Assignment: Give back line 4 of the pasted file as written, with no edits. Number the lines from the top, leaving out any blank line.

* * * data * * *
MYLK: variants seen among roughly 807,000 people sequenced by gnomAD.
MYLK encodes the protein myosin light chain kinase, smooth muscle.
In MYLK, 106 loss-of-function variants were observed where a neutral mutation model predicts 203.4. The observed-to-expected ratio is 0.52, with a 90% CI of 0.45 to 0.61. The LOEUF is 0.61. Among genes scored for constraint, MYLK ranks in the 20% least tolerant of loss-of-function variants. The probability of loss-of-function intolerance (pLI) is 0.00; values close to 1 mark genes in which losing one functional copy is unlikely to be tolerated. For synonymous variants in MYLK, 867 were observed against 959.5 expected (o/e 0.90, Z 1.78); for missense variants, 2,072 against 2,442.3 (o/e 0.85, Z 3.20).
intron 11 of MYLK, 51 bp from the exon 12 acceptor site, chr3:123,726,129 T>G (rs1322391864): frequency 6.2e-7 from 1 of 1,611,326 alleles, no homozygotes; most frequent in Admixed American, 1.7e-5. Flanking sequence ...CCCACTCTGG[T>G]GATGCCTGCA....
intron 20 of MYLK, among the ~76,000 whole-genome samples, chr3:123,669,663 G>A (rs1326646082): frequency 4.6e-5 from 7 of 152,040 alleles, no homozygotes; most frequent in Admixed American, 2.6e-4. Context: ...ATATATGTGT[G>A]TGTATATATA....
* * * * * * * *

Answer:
intron 11 of MYLK, 51 bp from the exon 12 acceptor site, chr3:123,726,129 T>G (rs1322391864): frequency 6.2e-7 from 1 of 1,611,326 alleles, no homozygotes; most frequent in Admixed American, 1.7e-5. Flanking sequence ...CCCACTCTGG[T>G]GATGCCTGCA....